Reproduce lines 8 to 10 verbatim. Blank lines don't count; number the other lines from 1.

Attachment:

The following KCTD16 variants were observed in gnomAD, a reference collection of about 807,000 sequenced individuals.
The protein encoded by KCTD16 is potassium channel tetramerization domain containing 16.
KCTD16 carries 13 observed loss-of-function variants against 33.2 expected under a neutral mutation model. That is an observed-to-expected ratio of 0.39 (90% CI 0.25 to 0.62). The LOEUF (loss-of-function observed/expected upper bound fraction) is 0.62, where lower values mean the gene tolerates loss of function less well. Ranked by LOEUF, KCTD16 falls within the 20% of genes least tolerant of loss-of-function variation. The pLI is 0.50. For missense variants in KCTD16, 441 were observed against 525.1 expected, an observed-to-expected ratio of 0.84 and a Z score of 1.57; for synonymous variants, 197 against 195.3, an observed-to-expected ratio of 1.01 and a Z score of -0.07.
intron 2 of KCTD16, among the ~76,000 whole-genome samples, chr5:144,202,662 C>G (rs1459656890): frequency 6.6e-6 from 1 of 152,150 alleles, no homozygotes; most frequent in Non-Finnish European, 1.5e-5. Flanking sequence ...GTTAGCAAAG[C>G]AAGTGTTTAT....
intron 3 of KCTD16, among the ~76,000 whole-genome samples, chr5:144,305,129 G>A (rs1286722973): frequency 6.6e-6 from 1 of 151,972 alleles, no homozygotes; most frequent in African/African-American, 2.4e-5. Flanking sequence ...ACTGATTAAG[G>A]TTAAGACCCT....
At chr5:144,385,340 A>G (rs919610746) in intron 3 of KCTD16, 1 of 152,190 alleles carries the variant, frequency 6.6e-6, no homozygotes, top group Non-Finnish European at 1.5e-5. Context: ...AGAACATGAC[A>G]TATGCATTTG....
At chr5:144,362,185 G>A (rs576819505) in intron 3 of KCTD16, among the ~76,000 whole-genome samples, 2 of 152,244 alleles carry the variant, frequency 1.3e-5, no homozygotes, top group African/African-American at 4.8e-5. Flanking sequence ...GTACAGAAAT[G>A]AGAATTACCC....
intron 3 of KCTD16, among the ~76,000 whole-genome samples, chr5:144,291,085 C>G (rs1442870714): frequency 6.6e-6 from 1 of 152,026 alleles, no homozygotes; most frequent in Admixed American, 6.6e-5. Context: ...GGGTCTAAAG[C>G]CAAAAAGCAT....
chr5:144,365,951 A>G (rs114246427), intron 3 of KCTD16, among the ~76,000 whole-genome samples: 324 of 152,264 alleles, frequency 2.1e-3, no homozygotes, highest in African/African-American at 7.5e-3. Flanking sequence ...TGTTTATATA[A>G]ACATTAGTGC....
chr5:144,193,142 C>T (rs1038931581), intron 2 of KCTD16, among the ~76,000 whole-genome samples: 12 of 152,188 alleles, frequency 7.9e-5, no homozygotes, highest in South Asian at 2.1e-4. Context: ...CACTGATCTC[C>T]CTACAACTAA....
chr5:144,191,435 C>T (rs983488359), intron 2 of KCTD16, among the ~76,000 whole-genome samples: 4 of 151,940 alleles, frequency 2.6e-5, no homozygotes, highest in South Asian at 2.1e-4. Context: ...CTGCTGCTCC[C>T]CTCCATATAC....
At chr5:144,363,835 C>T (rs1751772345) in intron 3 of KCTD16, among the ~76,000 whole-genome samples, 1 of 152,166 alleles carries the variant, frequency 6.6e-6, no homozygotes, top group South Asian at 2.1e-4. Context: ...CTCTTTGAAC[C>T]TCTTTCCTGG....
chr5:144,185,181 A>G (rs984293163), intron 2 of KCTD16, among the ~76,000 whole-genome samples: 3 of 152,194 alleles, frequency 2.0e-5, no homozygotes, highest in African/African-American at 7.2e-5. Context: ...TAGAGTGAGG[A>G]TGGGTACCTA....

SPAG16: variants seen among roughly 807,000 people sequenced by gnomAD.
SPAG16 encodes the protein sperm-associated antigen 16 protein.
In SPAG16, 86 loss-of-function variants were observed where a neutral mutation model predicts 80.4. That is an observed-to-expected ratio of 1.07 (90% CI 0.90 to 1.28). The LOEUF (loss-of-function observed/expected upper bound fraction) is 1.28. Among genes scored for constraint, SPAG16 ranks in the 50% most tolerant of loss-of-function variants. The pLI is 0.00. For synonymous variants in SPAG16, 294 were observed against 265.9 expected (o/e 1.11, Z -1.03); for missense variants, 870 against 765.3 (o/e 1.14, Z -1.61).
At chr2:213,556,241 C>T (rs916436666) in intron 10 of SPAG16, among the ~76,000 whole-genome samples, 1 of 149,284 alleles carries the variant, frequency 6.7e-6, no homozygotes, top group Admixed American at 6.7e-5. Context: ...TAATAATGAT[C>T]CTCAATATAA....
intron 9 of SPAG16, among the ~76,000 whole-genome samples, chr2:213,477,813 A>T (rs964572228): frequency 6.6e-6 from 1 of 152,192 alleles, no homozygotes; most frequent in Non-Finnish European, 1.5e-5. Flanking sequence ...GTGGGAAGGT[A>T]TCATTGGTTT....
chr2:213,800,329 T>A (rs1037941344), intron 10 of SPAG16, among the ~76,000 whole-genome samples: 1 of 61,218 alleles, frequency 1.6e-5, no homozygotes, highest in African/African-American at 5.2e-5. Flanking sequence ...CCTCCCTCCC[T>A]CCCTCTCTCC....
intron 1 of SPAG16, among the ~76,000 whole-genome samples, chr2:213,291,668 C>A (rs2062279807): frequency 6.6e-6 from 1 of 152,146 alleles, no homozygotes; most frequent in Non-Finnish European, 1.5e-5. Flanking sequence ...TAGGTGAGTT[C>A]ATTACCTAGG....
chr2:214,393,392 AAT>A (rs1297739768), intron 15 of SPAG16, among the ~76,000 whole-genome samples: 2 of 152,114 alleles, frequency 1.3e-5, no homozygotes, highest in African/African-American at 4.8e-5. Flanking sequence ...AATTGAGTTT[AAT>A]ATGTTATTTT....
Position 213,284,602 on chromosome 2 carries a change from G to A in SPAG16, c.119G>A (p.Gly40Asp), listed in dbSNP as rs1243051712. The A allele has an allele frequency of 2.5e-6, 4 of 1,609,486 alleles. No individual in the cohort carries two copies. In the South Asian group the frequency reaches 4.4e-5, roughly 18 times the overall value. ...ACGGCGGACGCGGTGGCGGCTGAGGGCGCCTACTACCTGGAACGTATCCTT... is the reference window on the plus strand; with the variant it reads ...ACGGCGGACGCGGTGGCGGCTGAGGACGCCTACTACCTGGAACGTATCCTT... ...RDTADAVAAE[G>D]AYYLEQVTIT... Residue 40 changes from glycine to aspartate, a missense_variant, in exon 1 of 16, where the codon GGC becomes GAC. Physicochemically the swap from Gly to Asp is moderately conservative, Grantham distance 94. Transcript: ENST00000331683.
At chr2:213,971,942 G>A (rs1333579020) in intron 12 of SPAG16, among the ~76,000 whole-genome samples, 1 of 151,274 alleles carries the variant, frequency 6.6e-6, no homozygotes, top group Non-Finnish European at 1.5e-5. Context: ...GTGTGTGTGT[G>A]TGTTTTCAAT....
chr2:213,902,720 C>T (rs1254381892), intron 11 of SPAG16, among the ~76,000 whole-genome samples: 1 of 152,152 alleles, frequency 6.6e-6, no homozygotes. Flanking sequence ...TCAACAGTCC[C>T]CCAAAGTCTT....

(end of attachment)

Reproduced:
intron 3 of KCTD16, among the ~76,000 whole-genome samples, chr5:144,291,085 C>G (rs1442870714): frequency 6.6e-6 from 1 of 152,026 alleles, no homozygotes; most frequent in Admixed American, 6.6e-5. Context: ...GGGTCTAAAG[C>G]CAAAAAGCAT....
chr5:144,365,951 A>G (rs114246427), intron 3 of KCTD16, among the ~76,000 whole-genome samples: 324 of 152,264 alleles, frequency 2.1e-3, no homozygotes, highest in African/African-American at 7.5e-3. Flanking sequence ...TGTTTATATA[A>G]ACATTAGTGC....
chr5:144,193,142 C>T (rs1038931581), intron 2 of KCTD16, among the ~76,000 whole-genome samples: 12 of 152,188 alleles, frequency 7.9e-5, no homozygotes, highest in South Asian at 2.1e-4. Context: ...CACTGATCTC[C>T]CTACAACTAA....